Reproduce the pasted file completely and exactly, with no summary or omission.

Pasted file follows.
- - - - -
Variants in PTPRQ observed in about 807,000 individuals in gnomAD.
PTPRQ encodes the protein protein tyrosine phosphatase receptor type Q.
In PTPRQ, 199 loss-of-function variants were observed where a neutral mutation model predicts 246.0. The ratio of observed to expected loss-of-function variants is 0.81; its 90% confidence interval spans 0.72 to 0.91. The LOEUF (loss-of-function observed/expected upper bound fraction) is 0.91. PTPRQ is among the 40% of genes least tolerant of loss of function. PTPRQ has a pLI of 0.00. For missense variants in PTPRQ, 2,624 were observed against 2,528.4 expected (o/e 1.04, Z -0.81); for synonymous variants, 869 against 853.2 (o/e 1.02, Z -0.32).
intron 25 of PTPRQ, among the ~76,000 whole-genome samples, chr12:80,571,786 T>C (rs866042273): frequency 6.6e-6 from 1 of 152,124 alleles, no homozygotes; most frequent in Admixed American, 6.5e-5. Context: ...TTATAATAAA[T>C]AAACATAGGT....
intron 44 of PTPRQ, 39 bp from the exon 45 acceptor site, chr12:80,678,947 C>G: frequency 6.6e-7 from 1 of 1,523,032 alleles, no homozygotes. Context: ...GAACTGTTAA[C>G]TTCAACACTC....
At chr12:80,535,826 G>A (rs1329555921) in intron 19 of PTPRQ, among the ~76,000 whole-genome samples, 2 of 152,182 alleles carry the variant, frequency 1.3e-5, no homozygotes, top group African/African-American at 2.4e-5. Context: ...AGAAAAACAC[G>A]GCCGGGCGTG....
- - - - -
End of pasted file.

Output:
Variants in PTPRQ observed in about 807,000 individuals in gnomAD.
PTPRQ encodes the protein protein tyrosine phosphatase receptor type Q.
In PTPRQ, 199 loss-of-function variants were observed where a neutral mutation model predicts 246.0. The ratio of observed to expected loss-of-function variants is 0.81; its 90% confidence interval spans 0.72 to 0.91. The LOEUF (loss-of-function observed/expected upper bound fraction) is 0.91. PTPRQ is among the 40% of genes least tolerant of loss of function. PTPRQ has a pLI of 0.00. For missense variants in PTPRQ, 2,624 were observed against 2,528.4 expected (o/e 1.04, Z -0.81); for synonymous variants, 869 against 853.2 (o/e 1.02, Z -0.32).
intron 25 of PTPRQ, among the ~76,000 whole-genome samples, chr12:80,571,786 T>C (rs866042273): frequency 6.6e-6 from 1 of 152,124 alleles, no homozygotes; most frequent in Admixed American, 6.5e-5. Context: ...TTATAATAAA[T>C]AAACATAGGT....
intron 44 of PTPRQ, 39 bp from the exon 45 acceptor site, chr12:80,678,947 C>G: frequency 6.6e-7 from 1 of 1,523,032 alleles, no homozygotes. Context: ...GAACTGTTAA[C>G]TTCAACACTC....
At chr12:80,535,826 G>A (rs1329555921) in intron 19 of PTPRQ, among the ~76,000 whole-genome samples, 2 of 152,182 alleles carry the variant, frequency 1.3e-5, no homozygotes, top group African/African-American at 2.4e-5. Context: ...AGAAAAACAC[G>A]GCCGGGCGTG....